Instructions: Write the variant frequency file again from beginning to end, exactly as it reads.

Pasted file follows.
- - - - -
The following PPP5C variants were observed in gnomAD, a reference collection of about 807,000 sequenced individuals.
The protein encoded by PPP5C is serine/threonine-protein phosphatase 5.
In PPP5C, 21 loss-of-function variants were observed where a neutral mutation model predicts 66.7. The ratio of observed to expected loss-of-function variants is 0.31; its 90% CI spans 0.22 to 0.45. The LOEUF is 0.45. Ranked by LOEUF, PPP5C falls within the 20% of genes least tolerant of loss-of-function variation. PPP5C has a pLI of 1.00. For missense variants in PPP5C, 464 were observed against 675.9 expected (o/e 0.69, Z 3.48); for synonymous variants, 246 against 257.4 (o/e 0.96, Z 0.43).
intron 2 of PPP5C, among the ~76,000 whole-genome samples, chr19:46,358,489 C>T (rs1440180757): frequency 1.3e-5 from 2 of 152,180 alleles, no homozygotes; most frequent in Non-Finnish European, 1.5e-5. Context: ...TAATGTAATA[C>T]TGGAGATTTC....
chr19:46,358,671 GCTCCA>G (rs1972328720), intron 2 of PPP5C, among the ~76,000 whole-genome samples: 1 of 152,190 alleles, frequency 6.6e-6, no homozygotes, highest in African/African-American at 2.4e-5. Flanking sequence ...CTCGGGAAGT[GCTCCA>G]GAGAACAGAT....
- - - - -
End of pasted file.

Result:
The following PPP5C variants were observed in gnomAD, a reference collection of about 807,000 sequenced individuals.
The protein encoded by PPP5C is serine/threonine-protein phosphatase 5.
In PPP5C, 21 loss-of-function variants were observed where a neutral mutation model predicts 66.7. The ratio of observed to expected loss-of-function variants is 0.31; its 90% CI spans 0.22 to 0.45. The LOEUF is 0.45. Ranked by LOEUF, PPP5C falls within the 20% of genes least tolerant of loss-of-function variation. PPP5C has a pLI of 1.00. For missense variants in PPP5C, 464 were observed against 675.9 expected (o/e 0.69, Z 3.48); for synonymous variants, 246 against 257.4 (o/e 0.96, Z 0.43).
intron 2 of PPP5C, among the ~76,000 whole-genome samples, chr19:46,358,489 C>T (rs1440180757): frequency 1.3e-5 from 2 of 152,180 alleles, no homozygotes; most frequent in Non-Finnish European, 1.5e-5. Context: ...TAATGTAATA[C>T]TGGAGATTTC....
chr19:46,358,671 GCTCCA>G (rs1972328720), intron 2 of PPP5C, among the ~76,000 whole-genome samples: 1 of 152,190 alleles, frequency 6.6e-6, no homozygotes, highest in African/African-American at 2.4e-5. Flanking sequence ...CTCGGGAAGT[GCTCCA>G]GAGAACAGAT....